10 QC cops charged for failing to take witness stand

By Margaux Ortiz
Inquirer
Last updated 08:31am (Mla time) 06/27/2007

TEN MORE policemen were charged by the Philippine Drug Enforcement Agency (PDEA) for repeatedly ignoring their court duties, leading to the dismissal of drug cases and the release of suspected illegal drugs peddlers.

 

Of the 10, PO2 Victor Aquino, PO3 Zaldy Asama, PO3 Rene Saul, PO2 Reynaldo Labon, and PO1 Estelito Mortega had been charged earlier this month by the PDEA for violations of Sections 91 and 92 of the Comprehensive Dangerous Drugs Act of 2002.

 

The PDEA also filed the same charges against SPO2 Belto Coritara, PO2 Orlando Dionisio, PO1 Arnold Penalosa, PO1 Frederick Saet, and PO3 Cleto Montegrejo.

 

All of the accused are assigned at the Quezon City Police District in Camp Karingal.

 

In his complaint filed in the Quezon City Prosecutor’s Office on Monday afternoon, lawyer Joey Quiriones, chief of the PDEA prosecution and case monitoring division, said the agency established a National Drug Case Monitoring System that supervises the status of drug cases and the participation of government personnel involved.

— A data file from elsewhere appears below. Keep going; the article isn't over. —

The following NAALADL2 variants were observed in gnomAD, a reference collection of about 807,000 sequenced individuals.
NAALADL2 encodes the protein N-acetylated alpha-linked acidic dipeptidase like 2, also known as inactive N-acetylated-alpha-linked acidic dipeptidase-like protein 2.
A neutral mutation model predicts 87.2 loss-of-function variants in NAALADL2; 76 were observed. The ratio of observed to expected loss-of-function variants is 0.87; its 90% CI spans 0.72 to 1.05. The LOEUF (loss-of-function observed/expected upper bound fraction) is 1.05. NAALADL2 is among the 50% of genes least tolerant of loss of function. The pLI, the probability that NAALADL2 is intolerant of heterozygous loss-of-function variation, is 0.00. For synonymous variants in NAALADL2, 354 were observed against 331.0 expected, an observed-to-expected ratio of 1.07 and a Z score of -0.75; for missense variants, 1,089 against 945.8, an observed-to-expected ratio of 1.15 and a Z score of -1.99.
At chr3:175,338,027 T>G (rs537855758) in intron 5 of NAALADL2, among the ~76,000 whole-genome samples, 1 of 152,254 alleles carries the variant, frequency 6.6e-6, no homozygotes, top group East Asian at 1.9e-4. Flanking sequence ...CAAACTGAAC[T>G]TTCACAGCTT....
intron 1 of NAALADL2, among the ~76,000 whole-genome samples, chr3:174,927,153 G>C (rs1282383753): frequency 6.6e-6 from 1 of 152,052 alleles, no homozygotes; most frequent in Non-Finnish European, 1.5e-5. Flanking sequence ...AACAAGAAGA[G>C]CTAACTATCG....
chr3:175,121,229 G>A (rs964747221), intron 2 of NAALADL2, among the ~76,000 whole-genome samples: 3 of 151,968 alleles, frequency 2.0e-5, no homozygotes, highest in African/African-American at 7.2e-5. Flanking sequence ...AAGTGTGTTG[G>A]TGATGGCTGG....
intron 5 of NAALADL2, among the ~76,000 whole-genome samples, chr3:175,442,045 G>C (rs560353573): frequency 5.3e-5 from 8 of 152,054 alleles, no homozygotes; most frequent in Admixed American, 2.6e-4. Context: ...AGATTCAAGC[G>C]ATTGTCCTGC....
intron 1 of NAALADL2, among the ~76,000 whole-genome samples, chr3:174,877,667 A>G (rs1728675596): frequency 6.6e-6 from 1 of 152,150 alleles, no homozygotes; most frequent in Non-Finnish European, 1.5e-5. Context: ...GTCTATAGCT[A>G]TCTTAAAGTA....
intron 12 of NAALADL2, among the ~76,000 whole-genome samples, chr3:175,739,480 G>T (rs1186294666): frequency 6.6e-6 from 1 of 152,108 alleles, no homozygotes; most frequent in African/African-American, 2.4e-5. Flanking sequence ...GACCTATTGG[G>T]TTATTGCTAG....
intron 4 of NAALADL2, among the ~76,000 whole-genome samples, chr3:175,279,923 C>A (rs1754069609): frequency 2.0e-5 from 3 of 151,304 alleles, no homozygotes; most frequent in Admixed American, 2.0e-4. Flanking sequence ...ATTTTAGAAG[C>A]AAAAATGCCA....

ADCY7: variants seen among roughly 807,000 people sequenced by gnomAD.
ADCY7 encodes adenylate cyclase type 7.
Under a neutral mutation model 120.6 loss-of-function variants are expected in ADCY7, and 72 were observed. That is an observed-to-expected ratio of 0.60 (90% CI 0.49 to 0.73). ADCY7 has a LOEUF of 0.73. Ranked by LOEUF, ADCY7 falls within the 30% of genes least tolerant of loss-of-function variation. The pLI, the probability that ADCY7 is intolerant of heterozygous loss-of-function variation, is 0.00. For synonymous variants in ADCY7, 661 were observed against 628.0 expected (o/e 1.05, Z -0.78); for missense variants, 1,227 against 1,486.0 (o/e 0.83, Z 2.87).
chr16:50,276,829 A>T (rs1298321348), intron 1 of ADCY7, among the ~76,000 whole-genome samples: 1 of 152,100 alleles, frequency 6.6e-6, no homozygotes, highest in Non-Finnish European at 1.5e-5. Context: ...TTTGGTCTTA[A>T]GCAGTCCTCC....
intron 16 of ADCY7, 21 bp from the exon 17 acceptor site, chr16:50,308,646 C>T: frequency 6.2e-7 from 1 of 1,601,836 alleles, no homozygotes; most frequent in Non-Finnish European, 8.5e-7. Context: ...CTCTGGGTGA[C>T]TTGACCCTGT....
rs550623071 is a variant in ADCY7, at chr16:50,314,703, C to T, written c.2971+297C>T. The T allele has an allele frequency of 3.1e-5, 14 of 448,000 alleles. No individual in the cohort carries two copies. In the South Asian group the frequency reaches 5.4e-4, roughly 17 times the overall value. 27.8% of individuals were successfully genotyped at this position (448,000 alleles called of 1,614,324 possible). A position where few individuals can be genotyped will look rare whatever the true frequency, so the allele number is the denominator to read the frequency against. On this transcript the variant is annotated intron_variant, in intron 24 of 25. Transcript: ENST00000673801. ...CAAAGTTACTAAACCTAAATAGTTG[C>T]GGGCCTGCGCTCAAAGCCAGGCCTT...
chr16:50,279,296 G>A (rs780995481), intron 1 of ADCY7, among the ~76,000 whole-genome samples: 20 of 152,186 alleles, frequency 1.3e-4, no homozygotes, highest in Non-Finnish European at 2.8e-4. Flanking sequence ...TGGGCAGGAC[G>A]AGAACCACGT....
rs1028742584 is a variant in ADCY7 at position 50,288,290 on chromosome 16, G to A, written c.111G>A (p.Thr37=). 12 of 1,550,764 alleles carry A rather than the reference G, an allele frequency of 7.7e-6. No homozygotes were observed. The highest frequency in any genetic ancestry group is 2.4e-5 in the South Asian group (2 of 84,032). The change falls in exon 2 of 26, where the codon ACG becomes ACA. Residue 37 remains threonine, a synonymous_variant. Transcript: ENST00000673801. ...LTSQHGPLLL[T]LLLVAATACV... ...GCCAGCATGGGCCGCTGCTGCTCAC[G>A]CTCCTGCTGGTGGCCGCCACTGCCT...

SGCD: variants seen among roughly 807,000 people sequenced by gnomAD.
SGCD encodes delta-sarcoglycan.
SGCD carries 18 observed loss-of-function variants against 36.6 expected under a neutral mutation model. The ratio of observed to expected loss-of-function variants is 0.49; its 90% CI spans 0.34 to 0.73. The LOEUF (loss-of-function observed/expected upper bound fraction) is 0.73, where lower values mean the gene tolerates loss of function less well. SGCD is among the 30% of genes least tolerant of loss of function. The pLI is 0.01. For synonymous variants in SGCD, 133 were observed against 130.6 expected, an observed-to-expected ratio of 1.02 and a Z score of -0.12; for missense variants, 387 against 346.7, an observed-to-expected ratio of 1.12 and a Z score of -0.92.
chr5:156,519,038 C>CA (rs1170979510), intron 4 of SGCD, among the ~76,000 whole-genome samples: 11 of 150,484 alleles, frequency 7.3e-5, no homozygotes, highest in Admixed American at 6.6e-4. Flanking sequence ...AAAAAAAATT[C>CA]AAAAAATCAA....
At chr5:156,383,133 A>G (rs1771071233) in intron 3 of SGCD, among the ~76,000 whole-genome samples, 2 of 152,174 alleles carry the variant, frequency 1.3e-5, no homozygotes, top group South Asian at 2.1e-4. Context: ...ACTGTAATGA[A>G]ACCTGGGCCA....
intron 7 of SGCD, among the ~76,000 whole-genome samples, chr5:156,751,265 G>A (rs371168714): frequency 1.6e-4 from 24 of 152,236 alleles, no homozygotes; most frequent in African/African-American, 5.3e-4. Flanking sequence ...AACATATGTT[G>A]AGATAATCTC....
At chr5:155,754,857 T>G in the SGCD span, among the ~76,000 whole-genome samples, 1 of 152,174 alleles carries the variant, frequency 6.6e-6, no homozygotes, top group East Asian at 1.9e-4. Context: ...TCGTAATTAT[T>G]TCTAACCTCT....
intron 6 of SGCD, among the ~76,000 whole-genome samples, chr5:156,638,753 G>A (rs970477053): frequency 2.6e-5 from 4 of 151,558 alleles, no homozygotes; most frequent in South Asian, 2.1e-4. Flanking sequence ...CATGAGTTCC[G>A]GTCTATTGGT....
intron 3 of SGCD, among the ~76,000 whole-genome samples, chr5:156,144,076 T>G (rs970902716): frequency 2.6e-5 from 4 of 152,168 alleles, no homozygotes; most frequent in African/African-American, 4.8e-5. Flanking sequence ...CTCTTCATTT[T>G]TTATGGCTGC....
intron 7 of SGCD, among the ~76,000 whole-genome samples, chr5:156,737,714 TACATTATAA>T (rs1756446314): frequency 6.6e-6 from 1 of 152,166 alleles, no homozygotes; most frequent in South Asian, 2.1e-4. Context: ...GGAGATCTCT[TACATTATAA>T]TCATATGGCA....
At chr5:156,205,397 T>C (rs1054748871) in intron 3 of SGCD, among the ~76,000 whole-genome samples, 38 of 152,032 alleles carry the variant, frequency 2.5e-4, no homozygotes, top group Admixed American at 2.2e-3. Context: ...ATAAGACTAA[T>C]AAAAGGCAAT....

“Since the establishment of the system, we have been receiving copies of decisions from various courts and prosecution offices,” Quiriones said.

 

“Upon studying the documents, the PDEA found out that most of the cases were dismissed due to the nonappearances of police witnesses,” he added.

 

Quiriones said the accused police officers were involved in the arrest of drug suspects in Quezon City. The suspects were subsequently charged in the city’s regional trial courts. The PDEA lawyer explained that being poseur buyers and apprehending officers during the buy-bust operations, the presence and testimonies of the policemen were material and essential for the successful prosecution of the accused.

 

The police officers, however, failed to appear during the scheduled hearings of their respective cases, prompting the judge to ask them to explain why they should not be cited for contempt.

 

The judges assigned eventually issued orders dismissing the cases against the drug suspects “by reason of the repeated absence of the prosecution’s witnesses therein.”

 

“The dismissal caused by the police witnesses’ nonappearance was fatal to the prosecution’s cause and a serious blow to the government’s drive to eradicate and punish to the fullest extent violators of the dangerous drugs law,” Quiriones said.

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